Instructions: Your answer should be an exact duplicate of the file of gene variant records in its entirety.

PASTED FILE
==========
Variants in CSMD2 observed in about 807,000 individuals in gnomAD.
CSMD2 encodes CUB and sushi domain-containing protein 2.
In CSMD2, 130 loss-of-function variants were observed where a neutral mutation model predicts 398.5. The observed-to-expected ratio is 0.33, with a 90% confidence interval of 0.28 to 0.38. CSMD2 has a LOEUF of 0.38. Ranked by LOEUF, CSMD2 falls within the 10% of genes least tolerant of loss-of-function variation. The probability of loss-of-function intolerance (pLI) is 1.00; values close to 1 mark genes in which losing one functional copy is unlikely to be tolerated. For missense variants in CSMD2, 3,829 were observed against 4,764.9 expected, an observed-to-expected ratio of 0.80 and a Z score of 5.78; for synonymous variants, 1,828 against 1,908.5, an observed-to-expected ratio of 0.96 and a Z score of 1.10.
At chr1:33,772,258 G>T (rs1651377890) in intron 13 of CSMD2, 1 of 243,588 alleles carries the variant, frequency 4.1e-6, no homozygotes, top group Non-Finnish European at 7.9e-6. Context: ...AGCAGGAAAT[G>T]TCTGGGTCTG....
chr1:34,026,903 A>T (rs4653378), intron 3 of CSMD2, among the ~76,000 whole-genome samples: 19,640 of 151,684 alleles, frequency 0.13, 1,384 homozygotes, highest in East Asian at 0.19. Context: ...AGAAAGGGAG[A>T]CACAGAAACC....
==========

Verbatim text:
Variants in CSMD2 observed in about 807,000 individuals in gnomAD.
CSMD2 encodes CUB and sushi domain-containing protein 2.
In CSMD2, 130 loss-of-function variants were observed where a neutral mutation model predicts 398.5. The observed-to-expected ratio is 0.33, with a 90% confidence interval of 0.28 to 0.38. CSMD2 has a LOEUF of 0.38. Ranked by LOEUF, CSMD2 falls within the 10% of genes least tolerant of loss-of-function variation. The probability of loss-of-function intolerance (pLI) is 1.00; values close to 1 mark genes in which losing one functional copy is unlikely to be tolerated. For missense variants in CSMD2, 3,829 were observed against 4,764.9 expected, an observed-to-expected ratio of 0.80 and a Z score of 5.78; for synonymous variants, 1,828 against 1,908.5, an observed-to-expected ratio of 0.96 and a Z score of 1.10.
At chr1:33,772,258 G>T (rs1651377890) in intron 13 of CSMD2, 1 of 243,588 alleles carries the variant, frequency 4.1e-6, no homozygotes, top group Non-Finnish European at 7.9e-6. Context: ...AGCAGGAAAT[G>T]TCTGGGTCTG....
chr1:34,026,903 A>T (rs4653378), intron 3 of CSMD2, among the ~76,000 whole-genome samples: 19,640 of 151,684 alleles, frequency 0.13, 1,384 homozygotes, highest in East Asian at 0.19. Context: ...AGAAAGGGAG[A>T]CACAGAAACC....